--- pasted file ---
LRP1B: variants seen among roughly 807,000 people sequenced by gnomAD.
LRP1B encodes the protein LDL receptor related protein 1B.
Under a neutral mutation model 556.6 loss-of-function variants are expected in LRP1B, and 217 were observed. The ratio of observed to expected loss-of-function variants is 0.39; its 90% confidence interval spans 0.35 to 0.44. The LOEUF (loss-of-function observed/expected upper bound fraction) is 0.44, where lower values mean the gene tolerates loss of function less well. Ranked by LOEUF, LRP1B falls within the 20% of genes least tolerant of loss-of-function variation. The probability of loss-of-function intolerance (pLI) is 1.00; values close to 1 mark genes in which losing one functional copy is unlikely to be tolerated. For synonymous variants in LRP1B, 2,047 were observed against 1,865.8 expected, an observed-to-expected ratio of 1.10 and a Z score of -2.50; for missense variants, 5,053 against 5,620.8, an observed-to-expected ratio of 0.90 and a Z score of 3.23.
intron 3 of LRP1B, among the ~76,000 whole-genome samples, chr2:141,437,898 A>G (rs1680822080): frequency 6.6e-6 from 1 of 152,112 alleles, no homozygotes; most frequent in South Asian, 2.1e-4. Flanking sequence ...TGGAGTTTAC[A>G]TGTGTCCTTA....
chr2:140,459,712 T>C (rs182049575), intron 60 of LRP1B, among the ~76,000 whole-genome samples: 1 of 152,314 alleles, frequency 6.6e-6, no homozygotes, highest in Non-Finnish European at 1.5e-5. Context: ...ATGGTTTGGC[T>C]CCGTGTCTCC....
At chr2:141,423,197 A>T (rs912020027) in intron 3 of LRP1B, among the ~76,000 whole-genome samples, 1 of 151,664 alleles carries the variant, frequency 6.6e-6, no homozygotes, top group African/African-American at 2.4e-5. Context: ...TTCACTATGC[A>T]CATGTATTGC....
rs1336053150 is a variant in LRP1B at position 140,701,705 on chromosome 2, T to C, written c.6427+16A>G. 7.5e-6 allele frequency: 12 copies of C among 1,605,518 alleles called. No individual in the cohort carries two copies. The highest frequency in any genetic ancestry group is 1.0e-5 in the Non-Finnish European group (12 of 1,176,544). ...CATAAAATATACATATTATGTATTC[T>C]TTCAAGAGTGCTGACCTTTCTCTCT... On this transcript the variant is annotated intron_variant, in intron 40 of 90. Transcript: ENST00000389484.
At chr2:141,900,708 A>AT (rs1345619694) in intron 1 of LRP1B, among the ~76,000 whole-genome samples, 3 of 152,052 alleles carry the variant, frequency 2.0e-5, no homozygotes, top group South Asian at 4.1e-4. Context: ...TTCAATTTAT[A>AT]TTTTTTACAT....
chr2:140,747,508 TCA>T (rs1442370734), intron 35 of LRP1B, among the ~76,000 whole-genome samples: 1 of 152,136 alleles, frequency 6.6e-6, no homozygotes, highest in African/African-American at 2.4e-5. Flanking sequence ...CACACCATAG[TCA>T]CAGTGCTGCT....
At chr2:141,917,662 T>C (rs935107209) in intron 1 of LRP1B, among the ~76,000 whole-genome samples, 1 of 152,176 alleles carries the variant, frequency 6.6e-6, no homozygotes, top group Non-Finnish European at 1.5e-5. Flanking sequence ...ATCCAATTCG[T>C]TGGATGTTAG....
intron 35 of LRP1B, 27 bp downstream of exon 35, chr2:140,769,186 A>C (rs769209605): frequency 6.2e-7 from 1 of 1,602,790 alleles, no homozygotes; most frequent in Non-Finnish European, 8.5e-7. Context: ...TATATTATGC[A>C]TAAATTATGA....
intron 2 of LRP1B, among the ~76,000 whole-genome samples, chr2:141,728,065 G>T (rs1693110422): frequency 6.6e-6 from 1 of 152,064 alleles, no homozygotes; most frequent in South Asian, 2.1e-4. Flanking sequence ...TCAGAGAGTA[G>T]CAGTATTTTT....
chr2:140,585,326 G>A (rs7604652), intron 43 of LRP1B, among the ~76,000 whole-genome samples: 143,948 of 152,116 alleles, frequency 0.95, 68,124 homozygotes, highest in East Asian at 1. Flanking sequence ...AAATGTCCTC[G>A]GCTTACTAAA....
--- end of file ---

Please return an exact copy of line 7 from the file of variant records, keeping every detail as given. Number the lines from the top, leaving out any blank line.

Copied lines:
rs1336053150 is a variant in LRP1B at position 140,701,705 on chromosome 2, T to C, written c.6427+16A>G. 7.5e-6 allele frequency: 12 copies of C among 1,605,518 alleles called. No individual in the cohort carries two copies. The highest frequency in any genetic ancestry group is 1.0e-5 in the Non-Finnish European group (12 of 1,176,544). ...CATAAAATATACATATTATGTATTC[T>C]TTCAAGAGTGCTGACCTTTCTCTCT... On this transcript the variant is annotated intron_variant, in intron 40 of 90. Transcript: ENST00000389484.